Royal Commission into Institutional Responses to Child Sexual Abuse
Wednesday 2 August, 2017
The Hon Justice Peter McClellan AM
Chair, Royal Commission into Institutional Responses to Child Sexual Abuse
In our system of criminal justice the victim of an offence is not given a central role. This was not always the case.
Historically the role of the state in the criminal trial process was very limited. Criminal disputes were considered private matters. Until the start of the 1400s, the laying of charges and the conduct of the prosecution was performed almost exclusively by the victim or their family.
Over the next three centuries the royal courts and officers of royal justice would exercise increasing influence in the criminal justice process, conducting both investigations and prosecutions. However, victims remained, in many cases, responsible for apprehending the offender, filing charges, collecting evidence and running the trial.
With the coming of the Industrial Revolution, and as cities became more densely populated, the criminal justice process began to change and ultimately became the modern adversarial trial. The rise in crime associated with increasingly dense populations led government to offer incentives for the apprehension of criminals. Miscarriages of justice resulted from increases in false evidence. Accused were regularly imprisoned before trial and, accordingly, faced difficulties in preparing a defence. The evidence against an accused was not disclosed before trial. They could not subpoena witnesses.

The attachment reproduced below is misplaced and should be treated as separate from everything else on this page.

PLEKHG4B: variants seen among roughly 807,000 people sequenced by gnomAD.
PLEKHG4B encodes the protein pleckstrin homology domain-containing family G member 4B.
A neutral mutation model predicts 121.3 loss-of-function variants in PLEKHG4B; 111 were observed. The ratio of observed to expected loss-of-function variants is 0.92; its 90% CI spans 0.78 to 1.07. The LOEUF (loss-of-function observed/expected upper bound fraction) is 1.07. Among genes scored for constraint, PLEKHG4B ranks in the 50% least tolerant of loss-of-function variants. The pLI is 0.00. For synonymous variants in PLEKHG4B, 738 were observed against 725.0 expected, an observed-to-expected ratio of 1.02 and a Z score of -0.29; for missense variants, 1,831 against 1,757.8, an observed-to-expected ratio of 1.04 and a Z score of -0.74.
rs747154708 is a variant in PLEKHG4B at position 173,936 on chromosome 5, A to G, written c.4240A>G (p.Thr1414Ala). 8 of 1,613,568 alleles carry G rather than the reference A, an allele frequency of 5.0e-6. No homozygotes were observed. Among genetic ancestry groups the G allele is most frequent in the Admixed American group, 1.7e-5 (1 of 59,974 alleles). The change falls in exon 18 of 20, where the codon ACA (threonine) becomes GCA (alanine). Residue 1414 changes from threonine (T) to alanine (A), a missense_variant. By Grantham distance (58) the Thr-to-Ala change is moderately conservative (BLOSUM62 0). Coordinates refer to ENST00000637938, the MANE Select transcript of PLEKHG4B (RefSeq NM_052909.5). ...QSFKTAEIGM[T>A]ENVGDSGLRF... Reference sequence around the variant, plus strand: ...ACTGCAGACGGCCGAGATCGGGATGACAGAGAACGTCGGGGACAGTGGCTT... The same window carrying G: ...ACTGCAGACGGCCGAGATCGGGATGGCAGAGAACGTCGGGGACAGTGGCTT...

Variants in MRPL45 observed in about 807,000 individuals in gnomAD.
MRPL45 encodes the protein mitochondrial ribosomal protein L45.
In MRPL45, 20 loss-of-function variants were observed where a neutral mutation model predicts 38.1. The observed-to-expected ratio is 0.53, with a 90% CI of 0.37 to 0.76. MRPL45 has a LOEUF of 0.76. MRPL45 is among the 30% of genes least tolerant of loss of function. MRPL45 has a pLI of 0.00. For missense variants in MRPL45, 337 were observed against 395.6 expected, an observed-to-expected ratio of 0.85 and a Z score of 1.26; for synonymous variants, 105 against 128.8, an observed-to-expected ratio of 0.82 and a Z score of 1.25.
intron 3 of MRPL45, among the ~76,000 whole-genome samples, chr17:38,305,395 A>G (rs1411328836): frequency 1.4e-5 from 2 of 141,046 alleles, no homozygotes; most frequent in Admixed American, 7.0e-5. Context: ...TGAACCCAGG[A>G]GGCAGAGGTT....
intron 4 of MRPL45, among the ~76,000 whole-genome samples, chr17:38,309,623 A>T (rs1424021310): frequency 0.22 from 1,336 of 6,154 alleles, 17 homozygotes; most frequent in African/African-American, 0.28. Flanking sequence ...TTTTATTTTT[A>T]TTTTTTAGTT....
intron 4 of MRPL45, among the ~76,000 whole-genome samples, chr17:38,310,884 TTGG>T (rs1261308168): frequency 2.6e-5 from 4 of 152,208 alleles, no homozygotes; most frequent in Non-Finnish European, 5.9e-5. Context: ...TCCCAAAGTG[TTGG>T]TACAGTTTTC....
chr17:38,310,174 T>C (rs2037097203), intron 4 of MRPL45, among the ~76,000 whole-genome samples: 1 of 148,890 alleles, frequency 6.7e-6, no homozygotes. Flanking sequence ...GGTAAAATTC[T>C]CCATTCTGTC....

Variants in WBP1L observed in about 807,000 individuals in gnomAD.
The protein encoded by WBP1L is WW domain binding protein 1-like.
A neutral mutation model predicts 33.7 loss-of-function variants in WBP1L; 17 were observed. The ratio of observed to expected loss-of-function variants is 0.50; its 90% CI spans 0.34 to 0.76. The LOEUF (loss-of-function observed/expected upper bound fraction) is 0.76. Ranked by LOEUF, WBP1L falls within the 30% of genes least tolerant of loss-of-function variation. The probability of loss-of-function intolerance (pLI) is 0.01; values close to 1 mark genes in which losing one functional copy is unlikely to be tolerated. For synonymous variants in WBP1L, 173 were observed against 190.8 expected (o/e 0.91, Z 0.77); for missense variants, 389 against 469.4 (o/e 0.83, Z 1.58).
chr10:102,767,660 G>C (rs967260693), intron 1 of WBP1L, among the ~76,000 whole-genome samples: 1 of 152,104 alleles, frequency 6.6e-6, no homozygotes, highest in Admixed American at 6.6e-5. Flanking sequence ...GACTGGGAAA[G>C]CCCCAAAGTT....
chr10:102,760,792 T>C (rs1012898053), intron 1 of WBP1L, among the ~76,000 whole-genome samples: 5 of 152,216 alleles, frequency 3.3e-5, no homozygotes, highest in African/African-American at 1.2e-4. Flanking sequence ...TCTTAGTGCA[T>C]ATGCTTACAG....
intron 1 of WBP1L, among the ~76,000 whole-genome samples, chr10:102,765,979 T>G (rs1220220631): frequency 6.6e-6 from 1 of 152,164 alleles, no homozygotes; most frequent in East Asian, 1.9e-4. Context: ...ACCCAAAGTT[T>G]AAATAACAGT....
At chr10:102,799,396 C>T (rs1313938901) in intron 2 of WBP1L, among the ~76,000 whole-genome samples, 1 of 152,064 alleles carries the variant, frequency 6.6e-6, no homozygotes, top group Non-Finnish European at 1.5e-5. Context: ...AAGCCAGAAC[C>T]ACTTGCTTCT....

The disadvantaged position of the accused ultimately led to changes in the criminal trial process. The most significant change was to allow the accused to be legally represented. The presence of defence counsel encouraged the development of rules of evidence and the modern style of cross-examination. The core elements of the modern adversarial trial began to appear: the judge as neutral arbiter, the jury as passive observer, and defence counsel advising their clients to remain silent and put the prosecution to proof.
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